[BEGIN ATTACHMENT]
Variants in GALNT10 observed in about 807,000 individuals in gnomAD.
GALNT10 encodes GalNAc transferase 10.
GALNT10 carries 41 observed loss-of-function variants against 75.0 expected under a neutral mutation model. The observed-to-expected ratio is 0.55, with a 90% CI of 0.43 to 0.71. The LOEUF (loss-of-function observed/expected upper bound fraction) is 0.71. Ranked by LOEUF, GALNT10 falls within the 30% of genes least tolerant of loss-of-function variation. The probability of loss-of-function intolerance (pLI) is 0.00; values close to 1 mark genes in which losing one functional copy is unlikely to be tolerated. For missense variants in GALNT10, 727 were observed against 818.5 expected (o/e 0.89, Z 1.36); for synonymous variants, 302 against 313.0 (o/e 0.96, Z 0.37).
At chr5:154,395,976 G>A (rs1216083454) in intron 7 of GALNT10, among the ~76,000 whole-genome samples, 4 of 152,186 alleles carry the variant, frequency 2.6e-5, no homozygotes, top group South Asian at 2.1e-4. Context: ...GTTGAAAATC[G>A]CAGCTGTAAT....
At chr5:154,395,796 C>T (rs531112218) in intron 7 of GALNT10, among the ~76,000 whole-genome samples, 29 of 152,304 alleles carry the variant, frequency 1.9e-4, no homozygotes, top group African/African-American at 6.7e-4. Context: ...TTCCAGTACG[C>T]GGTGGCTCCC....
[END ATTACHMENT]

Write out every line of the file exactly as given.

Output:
Variants in GALNT10 observed in about 807,000 individuals in gnomAD.
GALNT10 encodes GalNAc transferase 10.
GALNT10 carries 41 observed loss-of-function variants against 75.0 expected under a neutral mutation model. The observed-to-expected ratio is 0.55, with a 90% CI of 0.43 to 0.71. The LOEUF (loss-of-function observed/expected upper bound fraction) is 0.71. Ranked by LOEUF, GALNT10 falls within the 30% of genes least tolerant of loss-of-function variation. The probability of loss-of-function intolerance (pLI) is 0.00; values close to 1 mark genes in which losing one functional copy is unlikely to be tolerated. For missense variants in GALNT10, 727 were observed against 818.5 expected (o/e 0.89, Z 1.36); for synonymous variants, 302 against 313.0 (o/e 0.96, Z 0.37).
At chr5:154,395,976 G>A (rs1216083454) in intron 7 of GALNT10, among the ~76,000 whole-genome samples, 4 of 152,186 alleles carry the variant, frequency 2.6e-5, no homozygotes, top group South Asian at 2.1e-4. Context: ...GTTGAAAATC[G>A]CAGCTGTAAT....
At chr5:154,395,796 C>T (rs531112218) in intron 7 of GALNT10, among the ~76,000 whole-genome samples, 29 of 152,304 alleles carry the variant, frequency 1.9e-4, no homozygotes, top group African/African-American at 6.7e-4. Context: ...TTCCAGTACG[C>T]GGTGGCTCCC....